Thursday, June 22, 2006

Advice and Support

The latest news in the mandala series is that now I have started on a seven-part 'totem' piece, which I will only post when I've finished all seven.

So for today, I have decided to comment on an issue which came up for me when reading Ed Winkleman's post, on the art world's alleged current obsession with youth. I have to admit that this issue has totally escaped me, since back when I WAS a callow young artist, I got slapped in the face enough times that I decided to go away and mature, and stop looking for gallery representation until I was a grown-up. Now I sort of think I AM a grown-up, and have peeped my nose into the gallery system once again, only to discover that I waited too long. Drat.

Be that as it may, the tangential issue which arose in my mind was the difference between offering advice to a young, struggling artist (or an old struggling artist) and actually supporting that artist. Advice without support may sometimes be wise, but it is not always helpful, and can frequently be counterproductive. Support, on the other hand, is NOT about taking responsibility for another person's career; it simply means taking some practical action on another person's behalf, if that action is easy for you, and if you genuinely believe the other person deserves it.

Advice, then, is saying "You should show your work to such-and-such gallery." Support is going to the dealer who is a personal friend of yours and saying, "So-and-so is talented and underrepresented, and I believe her work would fit nicely with your style." Because every artist knows that if you march into a gallery without an introduction and say, "Will you look at my work?" ninety-nine out of a hundred dealers will say, "Sorry, we're not taking submissions now." (I even had one gallerist follow this up with "It's a waste of time for me to look at your work," even though I had done my homework and attended every exhibition that this gallery had mounted for over a year.)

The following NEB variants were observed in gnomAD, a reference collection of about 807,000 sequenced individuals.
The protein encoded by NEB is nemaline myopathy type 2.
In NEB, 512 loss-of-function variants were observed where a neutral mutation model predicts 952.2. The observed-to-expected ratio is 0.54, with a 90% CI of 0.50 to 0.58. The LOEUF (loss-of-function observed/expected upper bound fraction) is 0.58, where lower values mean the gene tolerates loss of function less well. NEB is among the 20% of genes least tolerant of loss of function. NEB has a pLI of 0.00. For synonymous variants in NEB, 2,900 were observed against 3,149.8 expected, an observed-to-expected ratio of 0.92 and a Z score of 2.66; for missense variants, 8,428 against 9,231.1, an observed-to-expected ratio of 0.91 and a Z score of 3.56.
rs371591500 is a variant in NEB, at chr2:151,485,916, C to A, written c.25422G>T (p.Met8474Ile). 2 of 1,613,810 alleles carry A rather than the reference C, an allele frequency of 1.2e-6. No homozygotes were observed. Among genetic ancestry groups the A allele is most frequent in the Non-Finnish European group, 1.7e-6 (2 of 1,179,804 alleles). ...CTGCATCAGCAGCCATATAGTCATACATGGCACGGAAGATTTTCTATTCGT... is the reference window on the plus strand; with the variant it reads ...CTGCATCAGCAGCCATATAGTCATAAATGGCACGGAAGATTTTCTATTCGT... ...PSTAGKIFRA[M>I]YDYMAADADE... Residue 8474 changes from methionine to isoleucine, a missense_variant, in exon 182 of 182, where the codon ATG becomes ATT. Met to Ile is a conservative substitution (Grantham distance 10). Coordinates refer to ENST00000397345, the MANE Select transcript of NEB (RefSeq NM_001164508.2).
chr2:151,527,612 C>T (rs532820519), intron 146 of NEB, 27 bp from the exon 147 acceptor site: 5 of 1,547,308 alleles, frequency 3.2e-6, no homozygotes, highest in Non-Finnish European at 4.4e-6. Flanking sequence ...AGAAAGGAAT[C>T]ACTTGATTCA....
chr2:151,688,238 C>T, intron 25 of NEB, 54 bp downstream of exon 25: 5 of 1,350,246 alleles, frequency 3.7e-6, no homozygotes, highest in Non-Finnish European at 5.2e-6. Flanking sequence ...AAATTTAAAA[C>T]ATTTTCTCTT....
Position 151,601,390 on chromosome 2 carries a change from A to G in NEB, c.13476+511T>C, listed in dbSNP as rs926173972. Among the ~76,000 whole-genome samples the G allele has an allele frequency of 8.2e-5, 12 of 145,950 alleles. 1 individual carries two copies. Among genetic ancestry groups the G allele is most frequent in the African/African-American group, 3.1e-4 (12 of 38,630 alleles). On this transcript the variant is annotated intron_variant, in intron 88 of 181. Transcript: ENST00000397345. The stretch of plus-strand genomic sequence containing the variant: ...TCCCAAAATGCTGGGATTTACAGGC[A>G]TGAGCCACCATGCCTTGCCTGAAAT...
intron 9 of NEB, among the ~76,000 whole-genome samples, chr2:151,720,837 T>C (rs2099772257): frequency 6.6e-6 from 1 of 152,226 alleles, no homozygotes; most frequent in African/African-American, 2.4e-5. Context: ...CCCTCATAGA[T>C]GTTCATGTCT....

Advice is saying "You should show your work on the Upper East Side--that's your market." Support is actually showing up when your friend gets a show on the Upper East Side, bringing your wealthy Upper East Side relatives and mentioning it to the fifteen or twenty dealers you know personally.

Advice is critiquing someone's website or blog; support is linking to it and writing about the work. (Thank you, Chris.) Advice is saying, "your work would do well in X-Y-Z industry;" support is saying, "I have some personal connections in X-Y-Z industry. Would it be helpful for me to run your work by them?"

Advice is saying "You're a good artist and should be selling these;" support is actually buying them.

I know that all of this seems more than obvious. But what perhaps people don't always realize is that well-meaning advice can come across as more of a burden than a help. Sometimes the most supportive thing a friend can do is just sit and silently commiserate while you vent.


painterdog said...

well I'm way over the hill being 40 something approaching 50.
You know something folks you'll will be older next year too.